Commission Review on Hospital Stalls in Procedural Tangle Over Parking Lot
By IAN FEIN
The Martha's Vineyard Commission this week put off its final vote on the Martha's Vineyard Hospital expansion project.
A decision had been scheduled for this coming Thursday, but the commission instead now plans to reopen the hospital public hearing the following week, on Dec. 14, to accept additional testimony on a proposed offsite staff parking lot that has emerged as a potential stumbling block for the $42 million project.
Commission members acknowledged this week that they have found themselves in a somewhat awkward situation. They will begin deliberations on the hospital project Thursday, but will hold off on a final vote and substantive parking lot discussions until after the public hearing has been closed for a second time. The commission is reviewing the hospital expansion as a development of regional impact (DRI).
"It's a little complex, but it's clear in my mind," commission chairman Linda Sibley said yesterday. "It's my job as chairman to make this work, and I think we will be able to come to an orderly decision in a timely manner."
The commission heard 12 hours of testimony on the hospital project over the course of three nights last month. But because hospital officials added the offsite parking lot as a last-minute change to their proposal, it was not properly listed along with the current hospital parcels as part of the overall project.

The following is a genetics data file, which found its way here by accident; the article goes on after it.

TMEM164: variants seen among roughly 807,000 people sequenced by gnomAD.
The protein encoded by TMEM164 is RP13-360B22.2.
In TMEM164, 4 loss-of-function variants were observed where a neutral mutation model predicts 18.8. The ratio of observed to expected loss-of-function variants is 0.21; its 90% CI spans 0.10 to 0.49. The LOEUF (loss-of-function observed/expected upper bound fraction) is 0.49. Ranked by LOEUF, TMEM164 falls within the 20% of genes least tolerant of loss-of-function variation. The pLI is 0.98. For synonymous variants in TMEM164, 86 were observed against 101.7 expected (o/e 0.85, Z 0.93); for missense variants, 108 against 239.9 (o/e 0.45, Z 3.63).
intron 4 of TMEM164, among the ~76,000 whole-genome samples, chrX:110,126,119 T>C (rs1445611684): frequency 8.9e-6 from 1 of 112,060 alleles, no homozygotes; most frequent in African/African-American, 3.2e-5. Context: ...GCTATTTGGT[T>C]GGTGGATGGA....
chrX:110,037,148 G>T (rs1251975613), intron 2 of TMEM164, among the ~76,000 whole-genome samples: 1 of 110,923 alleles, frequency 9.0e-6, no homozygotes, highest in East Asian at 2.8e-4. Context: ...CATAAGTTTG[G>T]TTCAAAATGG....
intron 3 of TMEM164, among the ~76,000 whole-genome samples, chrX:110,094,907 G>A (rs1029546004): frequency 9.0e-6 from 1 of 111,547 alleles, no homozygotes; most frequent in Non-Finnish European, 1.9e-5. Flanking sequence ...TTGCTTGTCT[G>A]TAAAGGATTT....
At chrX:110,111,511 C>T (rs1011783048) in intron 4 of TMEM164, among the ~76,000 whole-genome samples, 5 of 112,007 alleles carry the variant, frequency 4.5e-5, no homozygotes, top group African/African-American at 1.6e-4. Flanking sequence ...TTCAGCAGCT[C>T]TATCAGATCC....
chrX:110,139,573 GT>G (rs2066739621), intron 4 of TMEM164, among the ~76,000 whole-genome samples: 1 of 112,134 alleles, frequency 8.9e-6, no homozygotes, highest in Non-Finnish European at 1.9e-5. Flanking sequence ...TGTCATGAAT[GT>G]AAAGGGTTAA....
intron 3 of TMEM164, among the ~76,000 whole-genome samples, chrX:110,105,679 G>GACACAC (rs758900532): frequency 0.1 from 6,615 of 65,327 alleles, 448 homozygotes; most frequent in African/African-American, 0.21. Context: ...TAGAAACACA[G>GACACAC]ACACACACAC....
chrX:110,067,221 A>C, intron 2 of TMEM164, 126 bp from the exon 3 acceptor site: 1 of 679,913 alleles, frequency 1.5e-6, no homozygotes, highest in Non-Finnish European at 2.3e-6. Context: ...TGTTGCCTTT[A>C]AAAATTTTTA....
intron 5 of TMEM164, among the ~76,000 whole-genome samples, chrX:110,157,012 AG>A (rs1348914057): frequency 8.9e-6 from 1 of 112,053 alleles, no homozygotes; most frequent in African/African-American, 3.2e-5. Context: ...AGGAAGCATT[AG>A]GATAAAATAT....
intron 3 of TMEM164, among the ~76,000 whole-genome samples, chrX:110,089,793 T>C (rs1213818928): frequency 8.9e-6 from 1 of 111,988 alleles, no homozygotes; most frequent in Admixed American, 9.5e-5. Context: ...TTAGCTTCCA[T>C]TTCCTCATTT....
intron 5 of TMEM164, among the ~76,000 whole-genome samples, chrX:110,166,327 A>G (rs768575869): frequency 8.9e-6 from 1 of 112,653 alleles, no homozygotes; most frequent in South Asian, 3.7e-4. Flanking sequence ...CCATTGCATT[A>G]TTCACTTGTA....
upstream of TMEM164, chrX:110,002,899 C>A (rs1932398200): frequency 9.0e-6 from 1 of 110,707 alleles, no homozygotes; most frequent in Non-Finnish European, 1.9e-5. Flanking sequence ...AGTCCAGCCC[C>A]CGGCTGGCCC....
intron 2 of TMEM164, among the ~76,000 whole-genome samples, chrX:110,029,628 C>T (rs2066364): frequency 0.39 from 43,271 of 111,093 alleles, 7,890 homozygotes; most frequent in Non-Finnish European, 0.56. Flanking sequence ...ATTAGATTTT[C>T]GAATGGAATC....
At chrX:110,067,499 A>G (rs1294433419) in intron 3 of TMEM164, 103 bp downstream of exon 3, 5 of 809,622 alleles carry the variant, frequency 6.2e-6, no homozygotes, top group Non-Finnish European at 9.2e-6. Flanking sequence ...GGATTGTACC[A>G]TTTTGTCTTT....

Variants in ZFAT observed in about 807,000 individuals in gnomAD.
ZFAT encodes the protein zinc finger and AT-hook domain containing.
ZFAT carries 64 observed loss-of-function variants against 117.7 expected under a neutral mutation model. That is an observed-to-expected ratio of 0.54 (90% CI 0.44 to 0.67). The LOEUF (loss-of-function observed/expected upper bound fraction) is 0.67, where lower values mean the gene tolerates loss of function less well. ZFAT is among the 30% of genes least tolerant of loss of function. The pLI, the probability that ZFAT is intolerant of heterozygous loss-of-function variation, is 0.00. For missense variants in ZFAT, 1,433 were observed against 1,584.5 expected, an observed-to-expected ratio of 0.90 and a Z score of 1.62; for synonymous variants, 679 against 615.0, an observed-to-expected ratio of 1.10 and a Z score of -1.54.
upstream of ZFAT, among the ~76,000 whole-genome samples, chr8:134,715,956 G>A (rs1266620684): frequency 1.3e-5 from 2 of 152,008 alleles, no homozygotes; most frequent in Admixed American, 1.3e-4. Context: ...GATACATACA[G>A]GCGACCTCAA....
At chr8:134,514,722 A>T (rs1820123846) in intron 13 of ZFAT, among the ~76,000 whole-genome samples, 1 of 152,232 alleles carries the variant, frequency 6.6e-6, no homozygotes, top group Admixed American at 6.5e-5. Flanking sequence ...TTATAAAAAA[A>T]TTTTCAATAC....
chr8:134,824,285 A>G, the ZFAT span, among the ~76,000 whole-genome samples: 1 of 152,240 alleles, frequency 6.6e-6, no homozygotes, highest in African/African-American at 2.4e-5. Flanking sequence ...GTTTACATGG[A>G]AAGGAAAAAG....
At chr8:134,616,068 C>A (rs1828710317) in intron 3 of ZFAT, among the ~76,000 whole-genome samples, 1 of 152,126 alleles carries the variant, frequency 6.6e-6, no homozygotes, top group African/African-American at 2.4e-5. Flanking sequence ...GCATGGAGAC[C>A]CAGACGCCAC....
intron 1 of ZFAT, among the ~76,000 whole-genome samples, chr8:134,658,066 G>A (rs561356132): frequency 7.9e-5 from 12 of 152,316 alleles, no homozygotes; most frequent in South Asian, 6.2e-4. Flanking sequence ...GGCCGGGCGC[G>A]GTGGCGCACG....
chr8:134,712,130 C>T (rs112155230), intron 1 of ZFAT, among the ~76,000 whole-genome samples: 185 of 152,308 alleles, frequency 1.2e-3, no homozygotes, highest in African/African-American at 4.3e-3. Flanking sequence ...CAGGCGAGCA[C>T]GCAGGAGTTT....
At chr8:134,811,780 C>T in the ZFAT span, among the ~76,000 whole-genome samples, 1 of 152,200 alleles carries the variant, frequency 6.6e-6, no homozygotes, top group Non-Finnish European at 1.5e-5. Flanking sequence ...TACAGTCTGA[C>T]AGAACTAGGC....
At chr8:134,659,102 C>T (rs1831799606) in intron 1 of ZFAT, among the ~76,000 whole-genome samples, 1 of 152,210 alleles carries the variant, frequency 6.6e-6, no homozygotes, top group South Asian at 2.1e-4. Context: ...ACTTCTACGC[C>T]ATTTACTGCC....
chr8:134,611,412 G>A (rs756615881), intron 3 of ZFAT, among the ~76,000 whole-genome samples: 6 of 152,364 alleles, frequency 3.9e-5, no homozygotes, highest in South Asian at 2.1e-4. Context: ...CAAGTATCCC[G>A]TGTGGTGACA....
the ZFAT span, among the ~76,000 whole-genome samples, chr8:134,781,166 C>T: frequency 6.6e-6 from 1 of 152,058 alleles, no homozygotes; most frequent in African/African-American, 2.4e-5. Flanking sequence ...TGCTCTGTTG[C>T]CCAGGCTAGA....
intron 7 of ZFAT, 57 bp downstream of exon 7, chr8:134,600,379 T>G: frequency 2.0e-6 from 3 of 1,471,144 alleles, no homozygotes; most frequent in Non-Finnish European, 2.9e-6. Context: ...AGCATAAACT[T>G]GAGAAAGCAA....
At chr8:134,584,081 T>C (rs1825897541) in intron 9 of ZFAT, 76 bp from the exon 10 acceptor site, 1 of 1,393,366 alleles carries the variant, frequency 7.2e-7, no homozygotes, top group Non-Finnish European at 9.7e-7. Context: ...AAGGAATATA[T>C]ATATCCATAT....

One parking lot abutter - whom the commission later granted legal authority to appeal the hospital decision - noted the procedural oversight during the public hearing last month. Commission attorney Eric Wodlinger recommended this week that the regional planning agency resolve the issue by readvertising the project with the additional parcel. The legal notice requirement ensures that anyone with an interest in the lot - located across Eastville avenue in Oak Bluffs and owned by the Massachusetts Department of Mental Health - will have an opportunity to comment on the parking proposal.
Some commission members, meanwhile, have suggested they might deny the offsite lot and force hospital officials to develop an alternative parking plan. Questions about the lot reflect larger concerns that the existing 13-acre hospital site - which is bounded on three sides by water and situated in a historic residential neighborhood - is not appropriate or adequate for further expansion. Hospital officials have said the additional parking is vital to their project, and that they cannot afford to move to another site.
A key commission subcommittee met three times this week and planned to reach a recommendation on the hospital project Wednesday evening. But when the subcommittee took an unofficial poll on the overall project, they could not reach consensus because of differences of opinion on the parking lot.
Commission member James Athearn of Edgartown said he plans to pursue a condition that the offsite parking lot be removed from the proposal because it is detrimental to the historical character of the Eastville neighborhood. Commission member John Breckenridge of Oak Bluffs agreed.
"We and the hospital have worked very hard to cram an awful lot of activity into an extremely small site. But I'm not prepared to take that challenge a step further and expand across the street to a parking lot at the present time," Mr. Breckenridge said at the subcommittee meeting on Wednesday night. "I have not heard from the hospital that they've exhausted all other alternatives."